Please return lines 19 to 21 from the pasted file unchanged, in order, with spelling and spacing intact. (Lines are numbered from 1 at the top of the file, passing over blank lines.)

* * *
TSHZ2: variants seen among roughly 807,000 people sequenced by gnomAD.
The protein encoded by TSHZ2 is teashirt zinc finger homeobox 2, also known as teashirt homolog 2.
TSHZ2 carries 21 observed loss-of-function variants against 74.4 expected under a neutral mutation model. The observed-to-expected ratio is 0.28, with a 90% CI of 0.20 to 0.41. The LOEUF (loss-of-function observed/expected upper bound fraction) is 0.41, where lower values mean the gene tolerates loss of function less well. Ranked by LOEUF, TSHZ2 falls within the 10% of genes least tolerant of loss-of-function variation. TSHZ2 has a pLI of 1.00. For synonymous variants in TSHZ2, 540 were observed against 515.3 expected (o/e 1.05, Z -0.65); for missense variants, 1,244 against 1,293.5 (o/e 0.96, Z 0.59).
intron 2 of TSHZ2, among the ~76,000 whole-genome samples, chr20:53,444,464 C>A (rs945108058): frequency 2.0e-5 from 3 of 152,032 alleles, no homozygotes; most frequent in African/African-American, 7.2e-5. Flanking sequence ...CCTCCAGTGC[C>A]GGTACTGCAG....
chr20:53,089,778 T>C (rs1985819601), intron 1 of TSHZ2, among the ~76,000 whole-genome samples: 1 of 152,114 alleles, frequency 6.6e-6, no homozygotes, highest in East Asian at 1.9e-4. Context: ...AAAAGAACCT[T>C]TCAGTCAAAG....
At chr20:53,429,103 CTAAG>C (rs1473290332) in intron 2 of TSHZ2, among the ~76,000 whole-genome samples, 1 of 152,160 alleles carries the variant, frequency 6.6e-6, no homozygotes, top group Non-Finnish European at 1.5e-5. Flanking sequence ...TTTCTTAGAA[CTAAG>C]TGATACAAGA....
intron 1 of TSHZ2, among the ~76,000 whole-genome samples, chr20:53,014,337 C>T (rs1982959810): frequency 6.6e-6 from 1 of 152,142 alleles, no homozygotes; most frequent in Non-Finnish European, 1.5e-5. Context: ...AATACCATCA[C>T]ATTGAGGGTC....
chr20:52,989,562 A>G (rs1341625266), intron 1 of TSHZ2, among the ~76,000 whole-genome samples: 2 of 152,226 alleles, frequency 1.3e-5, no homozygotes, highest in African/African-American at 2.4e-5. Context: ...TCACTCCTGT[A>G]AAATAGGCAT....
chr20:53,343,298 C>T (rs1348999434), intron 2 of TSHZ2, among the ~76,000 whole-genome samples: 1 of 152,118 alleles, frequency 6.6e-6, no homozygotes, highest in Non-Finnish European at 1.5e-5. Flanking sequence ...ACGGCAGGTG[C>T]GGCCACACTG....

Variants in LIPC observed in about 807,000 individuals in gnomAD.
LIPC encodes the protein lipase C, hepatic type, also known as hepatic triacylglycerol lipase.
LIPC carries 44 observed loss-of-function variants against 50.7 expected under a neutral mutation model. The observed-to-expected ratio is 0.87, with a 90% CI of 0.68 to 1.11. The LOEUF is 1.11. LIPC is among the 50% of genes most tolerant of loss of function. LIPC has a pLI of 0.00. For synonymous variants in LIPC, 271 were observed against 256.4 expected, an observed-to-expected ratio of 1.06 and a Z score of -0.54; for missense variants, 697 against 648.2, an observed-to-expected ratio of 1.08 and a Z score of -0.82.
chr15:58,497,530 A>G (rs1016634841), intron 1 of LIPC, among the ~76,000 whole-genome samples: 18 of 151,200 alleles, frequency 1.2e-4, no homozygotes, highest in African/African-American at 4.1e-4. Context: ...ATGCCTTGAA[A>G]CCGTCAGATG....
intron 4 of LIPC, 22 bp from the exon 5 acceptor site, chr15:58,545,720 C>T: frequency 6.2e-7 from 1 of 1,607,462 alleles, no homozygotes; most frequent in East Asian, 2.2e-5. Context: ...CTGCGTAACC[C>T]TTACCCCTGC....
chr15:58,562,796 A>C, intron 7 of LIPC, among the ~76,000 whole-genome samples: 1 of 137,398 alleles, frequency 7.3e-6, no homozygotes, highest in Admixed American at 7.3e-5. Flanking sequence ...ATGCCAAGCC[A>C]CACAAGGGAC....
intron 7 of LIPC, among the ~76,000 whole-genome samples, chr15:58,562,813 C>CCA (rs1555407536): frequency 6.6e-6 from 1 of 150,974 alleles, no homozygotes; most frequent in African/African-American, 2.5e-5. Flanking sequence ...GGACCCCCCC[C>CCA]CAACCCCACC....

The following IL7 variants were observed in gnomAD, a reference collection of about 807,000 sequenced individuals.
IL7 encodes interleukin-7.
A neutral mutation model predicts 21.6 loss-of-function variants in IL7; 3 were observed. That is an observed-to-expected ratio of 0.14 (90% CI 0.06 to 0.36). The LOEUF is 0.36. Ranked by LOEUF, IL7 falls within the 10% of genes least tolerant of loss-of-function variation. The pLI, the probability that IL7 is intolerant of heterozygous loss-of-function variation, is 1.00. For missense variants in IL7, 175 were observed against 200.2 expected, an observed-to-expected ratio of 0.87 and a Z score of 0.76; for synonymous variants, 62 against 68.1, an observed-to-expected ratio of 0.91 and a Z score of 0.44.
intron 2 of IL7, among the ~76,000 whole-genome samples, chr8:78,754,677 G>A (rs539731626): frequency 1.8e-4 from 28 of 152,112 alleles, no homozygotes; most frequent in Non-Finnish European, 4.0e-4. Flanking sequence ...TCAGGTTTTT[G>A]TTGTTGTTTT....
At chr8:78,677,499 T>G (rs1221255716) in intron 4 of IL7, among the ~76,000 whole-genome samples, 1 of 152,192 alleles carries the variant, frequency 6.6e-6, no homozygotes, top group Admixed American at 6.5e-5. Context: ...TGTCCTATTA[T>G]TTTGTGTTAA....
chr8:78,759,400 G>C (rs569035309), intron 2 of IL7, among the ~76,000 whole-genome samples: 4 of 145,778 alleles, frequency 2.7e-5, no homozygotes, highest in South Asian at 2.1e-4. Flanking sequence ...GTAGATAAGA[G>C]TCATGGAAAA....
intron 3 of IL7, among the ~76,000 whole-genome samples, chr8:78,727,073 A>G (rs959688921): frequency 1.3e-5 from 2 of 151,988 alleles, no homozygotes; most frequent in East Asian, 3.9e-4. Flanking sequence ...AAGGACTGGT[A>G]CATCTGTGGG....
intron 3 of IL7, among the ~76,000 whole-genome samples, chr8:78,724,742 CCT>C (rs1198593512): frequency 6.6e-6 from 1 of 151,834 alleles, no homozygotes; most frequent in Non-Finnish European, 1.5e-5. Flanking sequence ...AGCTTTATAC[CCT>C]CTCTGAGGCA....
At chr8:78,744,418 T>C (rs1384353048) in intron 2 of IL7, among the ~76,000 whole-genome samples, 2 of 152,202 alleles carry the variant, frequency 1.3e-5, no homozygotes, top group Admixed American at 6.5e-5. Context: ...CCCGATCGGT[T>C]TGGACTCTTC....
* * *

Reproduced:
A neutral mutation model predicts 21.6 loss-of-function variants in IL7; 3 were observed. That is an observed-to-expected ratio of 0.14 (90% CI 0.06 to 0.36). The LOEUF is 0.36. Ranked by LOEUF, IL7 falls within the 10% of genes least tolerant of loss-of-function variation. The pLI, the probability that IL7 is intolerant of heterozygous loss-of-function variation, is 1.00. For missense variants in IL7, 175 were observed against 200.2 expected, an observed-to-expected ratio of 0.87 and a Z score of 0.76; for synonymous variants, 62 against 68.1, an observed-to-expected ratio of 0.91 and a Z score of 0.44.
intron 2 of IL7, among the ~76,000 whole-genome samples, chr8:78,754,677 G>A (rs539731626): frequency 1.8e-4 from 28 of 152,112 alleles, no homozygotes; most frequent in Non-Finnish European, 4.0e-4. Flanking sequence ...TCAGGTTTTT[G>A]TTGTTGTTTT....
At chr8:78,677,499 T>G (rs1221255716) in intron 4 of IL7, among the ~76,000 whole-genome samples, 1 of 152,192 alleles carries the variant, frequency 6.6e-6, no homozygotes, top group Admixed American at 6.5e-5. Context: ...TGTCCTATTA[T>G]TTTGTGTTAA....